What does the local culture say that Las Vegas is considered “the ninth island”?
Yes, Nevada’s lower cost of living attracts locals, and the state is home to one of the largest populations of Native Hawaiians outside of Hawaii, but that doesn’t fully account for how often locals do. go to the desert for a vacation.
Consider the attractions instead: gambling, food, nightclubs, shows, music festivals and shows. Easy access to drugs and prostitution (Prostitution is legal in Nevada, except in its big cities Las Vegas and Reno, but still easily accessible.)
Las Vegas, a sprawling testament to hedonism and decadence, is an apt vacation destination for a local culture that seems resigned to political apathy, growing inequality, and escape fantasies.
For my money, Vegas is synonymous with slots. But this humble slot machine, the one-armed bandit, has evolved over time.
The modern video game machine is a technological marvel, carefully designed to trap and exploit a user, says Natasha Schull, cultural anthropologist and author of the book “Addiction by Design: Machine Gambling in Las Vegas,” published in 2012.
In addition to studying the science of addiction and the engineering behind slot machines, Schull’s book includes interviews with drug addicts.
Schull says many players seek out “the zone,” describing a dissociative trance-like state in which day-to-day worries and body awareness fade away, along with any sense of the passage of time. Game designers recognize the desire of the addict and design their products to maintain a flow of hypnotic action and maximize the user’s time on the device.
“On the extreme extreme of the spectrum, gamers will spend entire weekends in this kind of trance,” Schull said in a lecture a few years after the publication of his book.
Schull says gambling isn’t necessarily about making money. Instead, it is an addiction to the state of flux that is achieved when woman and machine become one. So we can’t solve the problems “by giving people lessons that they probably missed in high school.”
This understanding of play as a compulsion to escape reality helps us make sense of the constant demand for play in heaven. During the pandemic, with travel to Vegas limited, illegal gambling halls were regularly dismantled in Hawaii. Each time, thousands of dollars’ worth of machinery were seized, often in bare, grimy rooms.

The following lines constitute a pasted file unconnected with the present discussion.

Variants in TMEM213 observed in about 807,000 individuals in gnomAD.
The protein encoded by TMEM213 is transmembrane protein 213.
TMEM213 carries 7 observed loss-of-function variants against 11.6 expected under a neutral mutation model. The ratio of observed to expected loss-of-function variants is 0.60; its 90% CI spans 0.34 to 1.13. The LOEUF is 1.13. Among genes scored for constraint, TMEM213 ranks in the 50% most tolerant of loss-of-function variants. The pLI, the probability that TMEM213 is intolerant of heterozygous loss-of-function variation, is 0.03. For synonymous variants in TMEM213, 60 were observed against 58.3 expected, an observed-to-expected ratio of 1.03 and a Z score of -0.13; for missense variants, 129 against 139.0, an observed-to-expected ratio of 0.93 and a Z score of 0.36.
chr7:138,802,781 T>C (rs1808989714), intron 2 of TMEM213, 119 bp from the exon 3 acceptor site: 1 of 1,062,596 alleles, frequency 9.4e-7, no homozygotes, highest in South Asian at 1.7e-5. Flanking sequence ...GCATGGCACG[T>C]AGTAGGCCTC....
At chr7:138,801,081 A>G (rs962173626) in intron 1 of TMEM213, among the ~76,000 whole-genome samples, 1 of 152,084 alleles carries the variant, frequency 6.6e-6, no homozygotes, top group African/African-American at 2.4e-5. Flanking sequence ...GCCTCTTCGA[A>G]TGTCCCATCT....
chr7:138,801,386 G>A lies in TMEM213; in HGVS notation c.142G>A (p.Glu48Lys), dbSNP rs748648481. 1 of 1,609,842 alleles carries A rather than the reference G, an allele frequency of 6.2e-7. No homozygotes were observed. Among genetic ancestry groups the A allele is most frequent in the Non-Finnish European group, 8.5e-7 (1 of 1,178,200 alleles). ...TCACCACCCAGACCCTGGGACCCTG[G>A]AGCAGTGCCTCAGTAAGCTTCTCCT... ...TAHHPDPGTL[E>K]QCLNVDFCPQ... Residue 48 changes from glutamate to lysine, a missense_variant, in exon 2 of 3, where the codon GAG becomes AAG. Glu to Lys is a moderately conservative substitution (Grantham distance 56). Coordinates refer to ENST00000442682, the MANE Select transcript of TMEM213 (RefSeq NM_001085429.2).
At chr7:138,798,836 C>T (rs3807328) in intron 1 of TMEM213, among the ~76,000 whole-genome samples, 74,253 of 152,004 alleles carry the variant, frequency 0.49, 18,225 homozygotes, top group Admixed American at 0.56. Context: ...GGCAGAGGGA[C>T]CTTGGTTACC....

Why do people endure these hells for hours? Maybe because the hell they are escaping to is better than the one they are escaping from. Perhaps because the local culture rewards and reinforces addicting behaviors from the cradle to the grave.
Early addiction education
At a recent family reunion, I noticed my 3 year old cousin was captivated by his iPad. He was learning to read and his iPad was helping him with three letter words: CAT; HAT; etc.
He pressed a button and the letters spun on three reels of slot machines. He was thrilled every time they lined up, putting the music or the animation to the fore. For example, a cartoon cat would emerge from the machine and wink, strengthening the bond between word and referent, but also reinforcing compulsive screen-based behavior.
I imagined his future. In elementary school, well-meaning teachers attribute educational software that “gamifies” learning by combining it with variable reinforcement. In college, he pays for Fortnite skins and plays Roblox or Minecraft for hours. In high school (if not earlier), he’s on social media with his friends, initiated into the infinite scrolling of Instagram or TikTok, hungry for the dopamine drop of notifications.
By the time he reaches adulthood, he is immersed in a world of addicting design. Social media companies optimize the time spent on a device, feeding it a constant stream of notifications and news. Advertisers know when it’s prone to impulse buys and they tailor their offers appropriately. And more banal addictions remain: sugar, coffee, alcohol, pornography, sex, drugs of all kinds.